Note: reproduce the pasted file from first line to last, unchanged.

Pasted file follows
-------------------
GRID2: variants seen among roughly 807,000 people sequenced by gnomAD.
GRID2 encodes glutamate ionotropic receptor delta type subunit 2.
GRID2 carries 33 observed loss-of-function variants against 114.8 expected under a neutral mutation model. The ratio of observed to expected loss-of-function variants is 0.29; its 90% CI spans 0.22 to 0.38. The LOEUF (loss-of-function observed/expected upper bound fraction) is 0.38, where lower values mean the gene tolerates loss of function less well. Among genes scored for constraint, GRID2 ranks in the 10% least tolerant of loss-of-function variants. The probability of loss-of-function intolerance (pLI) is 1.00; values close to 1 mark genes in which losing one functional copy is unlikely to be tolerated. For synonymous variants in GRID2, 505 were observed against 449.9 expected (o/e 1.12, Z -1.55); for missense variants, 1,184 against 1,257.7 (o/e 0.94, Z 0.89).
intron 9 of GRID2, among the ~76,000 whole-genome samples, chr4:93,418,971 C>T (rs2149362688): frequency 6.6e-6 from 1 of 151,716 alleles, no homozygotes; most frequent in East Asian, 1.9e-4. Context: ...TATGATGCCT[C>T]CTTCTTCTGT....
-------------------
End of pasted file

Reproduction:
GRID2: variants seen among roughly 807,000 people sequenced by gnomAD.
GRID2 encodes glutamate ionotropic receptor delta type subunit 2.
GRID2 carries 33 observed loss-of-function variants against 114.8 expected under a neutral mutation model. The ratio of observed to expected loss-of-function variants is 0.29; its 90% CI spans 0.22 to 0.38. The LOEUF (loss-of-function observed/expected upper bound fraction) is 0.38, where lower values mean the gene tolerates loss of function less well. Among genes scored for constraint, GRID2 ranks in the 10% least tolerant of loss-of-function variants. The probability of loss-of-function intolerance (pLI) is 1.00; values close to 1 mark genes in which losing one functional copy is unlikely to be tolerated. For synonymous variants in GRID2, 505 were observed against 449.9 expected (o/e 1.12, Z -1.55); for missense variants, 1,184 against 1,257.7 (o/e 0.94, Z 0.89).
intron 9 of GRID2, among the ~76,000 whole-genome samples, chr4:93,418,971 C>T (rs2149362688): frequency 6.6e-6 from 1 of 151,716 alleles, no homozygotes; most frequent in East Asian, 1.9e-4. Context: ...TATGATGCCT[C>T]CTTCTTCTGT....